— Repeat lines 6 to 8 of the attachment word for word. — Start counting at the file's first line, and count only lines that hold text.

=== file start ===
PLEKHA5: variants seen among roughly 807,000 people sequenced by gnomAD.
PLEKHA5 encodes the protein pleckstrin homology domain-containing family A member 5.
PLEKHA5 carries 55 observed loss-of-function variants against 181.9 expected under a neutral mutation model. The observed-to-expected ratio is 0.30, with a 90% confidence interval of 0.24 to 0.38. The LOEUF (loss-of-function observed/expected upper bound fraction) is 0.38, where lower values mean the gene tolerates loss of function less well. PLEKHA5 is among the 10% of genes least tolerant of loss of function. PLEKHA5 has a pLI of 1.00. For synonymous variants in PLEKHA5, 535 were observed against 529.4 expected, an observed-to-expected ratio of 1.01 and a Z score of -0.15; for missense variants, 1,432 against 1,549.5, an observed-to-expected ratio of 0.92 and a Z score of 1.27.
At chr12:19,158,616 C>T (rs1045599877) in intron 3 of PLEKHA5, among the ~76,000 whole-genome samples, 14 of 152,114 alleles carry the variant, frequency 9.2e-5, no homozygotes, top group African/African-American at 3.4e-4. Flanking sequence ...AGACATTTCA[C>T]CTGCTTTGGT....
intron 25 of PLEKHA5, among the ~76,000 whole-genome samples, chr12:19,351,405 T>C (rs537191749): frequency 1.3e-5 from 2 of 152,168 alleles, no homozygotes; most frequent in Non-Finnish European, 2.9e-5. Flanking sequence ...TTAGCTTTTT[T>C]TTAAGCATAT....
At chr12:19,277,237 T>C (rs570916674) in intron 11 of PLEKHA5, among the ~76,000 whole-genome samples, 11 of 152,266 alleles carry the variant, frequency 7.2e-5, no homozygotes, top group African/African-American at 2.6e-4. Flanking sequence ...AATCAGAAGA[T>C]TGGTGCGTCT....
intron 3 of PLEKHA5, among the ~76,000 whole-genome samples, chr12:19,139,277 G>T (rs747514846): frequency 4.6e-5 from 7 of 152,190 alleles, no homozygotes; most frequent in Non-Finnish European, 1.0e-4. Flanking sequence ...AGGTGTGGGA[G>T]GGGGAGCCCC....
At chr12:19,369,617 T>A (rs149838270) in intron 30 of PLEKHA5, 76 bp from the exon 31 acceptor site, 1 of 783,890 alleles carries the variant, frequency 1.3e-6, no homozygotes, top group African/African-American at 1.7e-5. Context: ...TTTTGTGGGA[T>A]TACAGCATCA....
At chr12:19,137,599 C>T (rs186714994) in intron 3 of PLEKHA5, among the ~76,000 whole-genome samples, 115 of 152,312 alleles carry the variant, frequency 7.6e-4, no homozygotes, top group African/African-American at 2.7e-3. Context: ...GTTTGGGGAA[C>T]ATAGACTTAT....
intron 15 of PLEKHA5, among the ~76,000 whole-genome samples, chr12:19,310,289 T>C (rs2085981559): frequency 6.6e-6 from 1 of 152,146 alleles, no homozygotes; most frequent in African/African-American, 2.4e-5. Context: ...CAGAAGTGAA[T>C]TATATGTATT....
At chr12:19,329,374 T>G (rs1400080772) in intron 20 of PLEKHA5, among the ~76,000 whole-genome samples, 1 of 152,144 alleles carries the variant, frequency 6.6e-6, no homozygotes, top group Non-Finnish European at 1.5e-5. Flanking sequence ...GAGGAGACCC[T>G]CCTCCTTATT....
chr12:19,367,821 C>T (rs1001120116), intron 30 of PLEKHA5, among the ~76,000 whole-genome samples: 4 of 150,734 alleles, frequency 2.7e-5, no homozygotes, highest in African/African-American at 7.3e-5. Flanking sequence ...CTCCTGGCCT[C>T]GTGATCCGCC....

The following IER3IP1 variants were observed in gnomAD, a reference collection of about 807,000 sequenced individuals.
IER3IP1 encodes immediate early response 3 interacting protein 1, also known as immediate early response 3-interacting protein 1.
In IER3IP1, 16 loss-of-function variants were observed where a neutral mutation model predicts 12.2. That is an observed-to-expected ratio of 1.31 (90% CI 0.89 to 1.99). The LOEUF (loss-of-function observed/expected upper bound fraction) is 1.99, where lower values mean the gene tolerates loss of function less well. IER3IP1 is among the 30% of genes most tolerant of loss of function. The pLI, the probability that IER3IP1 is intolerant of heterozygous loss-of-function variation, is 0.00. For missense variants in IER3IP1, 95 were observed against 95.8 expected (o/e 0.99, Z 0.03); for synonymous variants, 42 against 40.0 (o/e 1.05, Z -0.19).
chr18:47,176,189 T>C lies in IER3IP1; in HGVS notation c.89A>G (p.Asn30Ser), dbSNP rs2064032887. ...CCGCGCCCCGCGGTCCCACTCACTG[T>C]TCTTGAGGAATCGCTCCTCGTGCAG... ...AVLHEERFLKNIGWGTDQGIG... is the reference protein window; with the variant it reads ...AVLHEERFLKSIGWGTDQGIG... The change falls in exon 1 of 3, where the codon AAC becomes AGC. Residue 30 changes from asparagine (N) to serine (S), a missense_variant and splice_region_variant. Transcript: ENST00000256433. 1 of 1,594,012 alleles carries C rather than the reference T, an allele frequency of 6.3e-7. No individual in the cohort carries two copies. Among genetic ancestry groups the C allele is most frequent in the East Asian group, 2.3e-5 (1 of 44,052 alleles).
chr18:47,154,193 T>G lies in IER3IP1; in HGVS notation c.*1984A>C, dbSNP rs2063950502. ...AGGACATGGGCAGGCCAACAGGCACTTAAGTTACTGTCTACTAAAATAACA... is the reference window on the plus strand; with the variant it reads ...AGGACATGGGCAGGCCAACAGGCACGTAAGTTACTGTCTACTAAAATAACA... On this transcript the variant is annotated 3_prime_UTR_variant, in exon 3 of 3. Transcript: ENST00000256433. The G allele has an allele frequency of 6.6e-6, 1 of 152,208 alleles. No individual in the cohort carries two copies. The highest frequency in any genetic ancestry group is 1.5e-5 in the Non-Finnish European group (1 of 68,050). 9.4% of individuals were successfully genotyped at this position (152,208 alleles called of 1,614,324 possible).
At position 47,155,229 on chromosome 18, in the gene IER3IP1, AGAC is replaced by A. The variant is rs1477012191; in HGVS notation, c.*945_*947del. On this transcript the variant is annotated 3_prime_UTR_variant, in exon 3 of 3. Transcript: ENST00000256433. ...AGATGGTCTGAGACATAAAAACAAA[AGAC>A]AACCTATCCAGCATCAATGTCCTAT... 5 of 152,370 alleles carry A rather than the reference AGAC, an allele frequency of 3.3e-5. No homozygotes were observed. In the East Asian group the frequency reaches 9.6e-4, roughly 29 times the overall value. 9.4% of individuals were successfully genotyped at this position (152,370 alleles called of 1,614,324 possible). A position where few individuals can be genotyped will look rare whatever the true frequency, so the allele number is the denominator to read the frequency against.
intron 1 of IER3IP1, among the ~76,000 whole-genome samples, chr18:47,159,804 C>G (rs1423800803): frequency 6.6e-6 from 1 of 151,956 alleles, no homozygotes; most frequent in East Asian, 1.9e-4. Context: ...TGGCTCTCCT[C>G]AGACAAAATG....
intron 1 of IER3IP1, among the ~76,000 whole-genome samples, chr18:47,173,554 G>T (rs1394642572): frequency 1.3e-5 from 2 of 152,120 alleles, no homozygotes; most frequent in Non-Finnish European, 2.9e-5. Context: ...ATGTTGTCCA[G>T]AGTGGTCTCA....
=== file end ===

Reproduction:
At chr12:19,277,237 T>C (rs570916674) in intron 11 of PLEKHA5, among the ~76,000 whole-genome samples, 11 of 152,266 alleles carry the variant, frequency 7.2e-5, no homozygotes, top group African/African-American at 2.6e-4. Flanking sequence ...AATCAGAAGA[T>C]TGGTGCGTCT....
intron 3 of PLEKHA5, among the ~76,000 whole-genome samples, chr12:19,139,277 G>T (rs747514846): frequency 4.6e-5 from 7 of 152,190 alleles, no homozygotes; most frequent in Non-Finnish European, 1.0e-4. Flanking sequence ...AGGTGTGGGA[G>T]GGGGAGCCCC....
At chr12:19,369,617 T>A (rs149838270) in intron 30 of PLEKHA5, 76 bp from the exon 31 acceptor site, 1 of 783,890 alleles carries the variant, frequency 1.3e-6, no homozygotes, top group African/African-American at 1.7e-5. Context: ...TTTTGTGGGA[T>A]TACAGCATCA....